Our kingdom for a whole reunion medley with Nicki Minaj -- which, given that Grande’s tour begins and ends in New York, wouldn’t be wholly out of the question. Regardless, an ode to their run of power-packing collaborations is necessary.

“Into You”

The criminally underrated Dangerous Woman cut. There’s no guarantee that it’ll make the cut for the Sweetener Tour, but an Arianator can dream.

“Break Free”

Between all the EDM-infused dance-pop bops Grande has done solo, this Zedd-produced track will likely make an appearance. “I’m stronger than I’ve been before” is a rallying cry that continues to hold true for Grande in the Sweetener era.

“Be Alright”

“Break Free” would go even better followed up by the house-pop number “Be Alright,” which kicked off her encore in the Sweetener Sessions -- and also carries a motivational mantra worth repeating again and again.

“Honeymoon Avenue” / “Goodnight n Go”

During her Sweetener Sessions, she sequenced her lovely Imogen Heap cover next to perennial fan favorite “Honeymoon Avenue.” Considering the Sweetener cut is a flat-out tribute to Imogen Heap’s "Goodnight and Go," the songs pair perfectly -- and would segue to the final, most intimate section of the night.

“Better Off” / “Just a Little Bit of Your Heart” / “Best Mistake”

A medley of these piano-led ballads spanning My Everything and Sweetener would put Grande’s goosebump-inducing vocals on full display, and continue the subdued mood of final performances of the night.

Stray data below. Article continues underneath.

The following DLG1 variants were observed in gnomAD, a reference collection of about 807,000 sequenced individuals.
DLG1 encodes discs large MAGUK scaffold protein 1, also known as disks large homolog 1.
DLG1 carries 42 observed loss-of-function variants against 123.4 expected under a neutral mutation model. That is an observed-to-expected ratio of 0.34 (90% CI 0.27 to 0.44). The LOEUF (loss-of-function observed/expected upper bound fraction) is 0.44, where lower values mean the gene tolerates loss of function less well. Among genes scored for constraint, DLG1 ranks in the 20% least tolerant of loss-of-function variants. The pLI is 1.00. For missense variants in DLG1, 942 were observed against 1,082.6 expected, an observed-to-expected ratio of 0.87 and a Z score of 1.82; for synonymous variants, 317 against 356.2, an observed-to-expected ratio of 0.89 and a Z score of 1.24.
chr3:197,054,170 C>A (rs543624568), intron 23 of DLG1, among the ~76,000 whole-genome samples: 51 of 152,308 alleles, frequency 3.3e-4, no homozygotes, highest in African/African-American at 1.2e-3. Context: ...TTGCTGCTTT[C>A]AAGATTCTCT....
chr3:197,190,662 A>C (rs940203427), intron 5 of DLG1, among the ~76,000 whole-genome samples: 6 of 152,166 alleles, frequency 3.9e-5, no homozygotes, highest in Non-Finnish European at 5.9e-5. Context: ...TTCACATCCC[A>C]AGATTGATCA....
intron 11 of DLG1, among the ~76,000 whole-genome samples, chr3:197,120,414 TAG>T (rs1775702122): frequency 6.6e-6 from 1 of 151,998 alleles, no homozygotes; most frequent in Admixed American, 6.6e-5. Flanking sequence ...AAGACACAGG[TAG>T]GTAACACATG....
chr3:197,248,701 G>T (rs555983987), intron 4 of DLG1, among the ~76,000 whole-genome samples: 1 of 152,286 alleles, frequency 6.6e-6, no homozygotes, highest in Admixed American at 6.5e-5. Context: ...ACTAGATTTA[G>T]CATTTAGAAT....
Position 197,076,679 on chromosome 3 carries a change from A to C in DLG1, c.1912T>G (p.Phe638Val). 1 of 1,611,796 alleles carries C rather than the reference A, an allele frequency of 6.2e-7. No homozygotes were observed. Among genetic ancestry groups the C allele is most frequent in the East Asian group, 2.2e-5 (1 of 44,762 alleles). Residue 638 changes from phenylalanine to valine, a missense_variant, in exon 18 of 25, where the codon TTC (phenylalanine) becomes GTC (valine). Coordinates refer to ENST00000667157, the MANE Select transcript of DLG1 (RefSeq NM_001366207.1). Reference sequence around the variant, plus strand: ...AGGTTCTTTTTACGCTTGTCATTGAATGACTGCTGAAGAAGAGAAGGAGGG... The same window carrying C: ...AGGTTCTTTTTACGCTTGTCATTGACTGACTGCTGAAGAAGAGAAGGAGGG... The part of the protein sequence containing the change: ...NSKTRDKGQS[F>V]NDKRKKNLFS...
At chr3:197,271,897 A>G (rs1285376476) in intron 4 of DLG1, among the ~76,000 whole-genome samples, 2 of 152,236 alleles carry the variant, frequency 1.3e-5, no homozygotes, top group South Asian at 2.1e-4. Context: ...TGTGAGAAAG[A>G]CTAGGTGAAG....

“Sweetener”

It wouldn’t be the Sweetener Tour without the self-titled song, after all. And not for nothing, the bouncy beat will make for one hell of a dance party.

“Breathin’”

“Breathin” is the most reflective song -- and an instant fan favorite -- off Sweetener, which would make it an absolute necessity to round out her main set. On a lighter note, it would be incredible to see a portion of the show dedicated to Piggy Smalls, the “love of her life” and the subject of the “Breathin” music video.

“Get Well Soon”

Sweetener’s disorienting closing track would, naturally, taper off the evening, an acknowledgement of her struggles with anxiety, and a very humanizing way to end off the superstar’s tour -- that is, until the encore.

ENCORE

“The Way”

When Grande performed “The Way” on her Dangerous Woman tour, it was a joyous celebration of her then-relationship with Mac Miller. Slotting it in to start the encore would honor and cherish the late rapper in an uplifting way, and judging by her recent heartfelt tributes to Miller, his contribution to the song won’t go unnoticed.

“One Last Time”

“One Last Time” can either be a sad song -- a reminder of the goodbyes that are soon to come -- or a moment of relief that the night’s not going to end just yet. Besides, she slotted this as the penultimate song of the encore round of her Sweetener Sessions.

“No Tears Left to Cry”

It’d be a bit of a shock if Ariana didn’t end her set with the sweeping anthem that kicked off the Sweetener cycle. The cathartic song rang true as a tribute to the Manchester bombings, but now, amid the events of the past few weeks, it feels a lot more personal than that.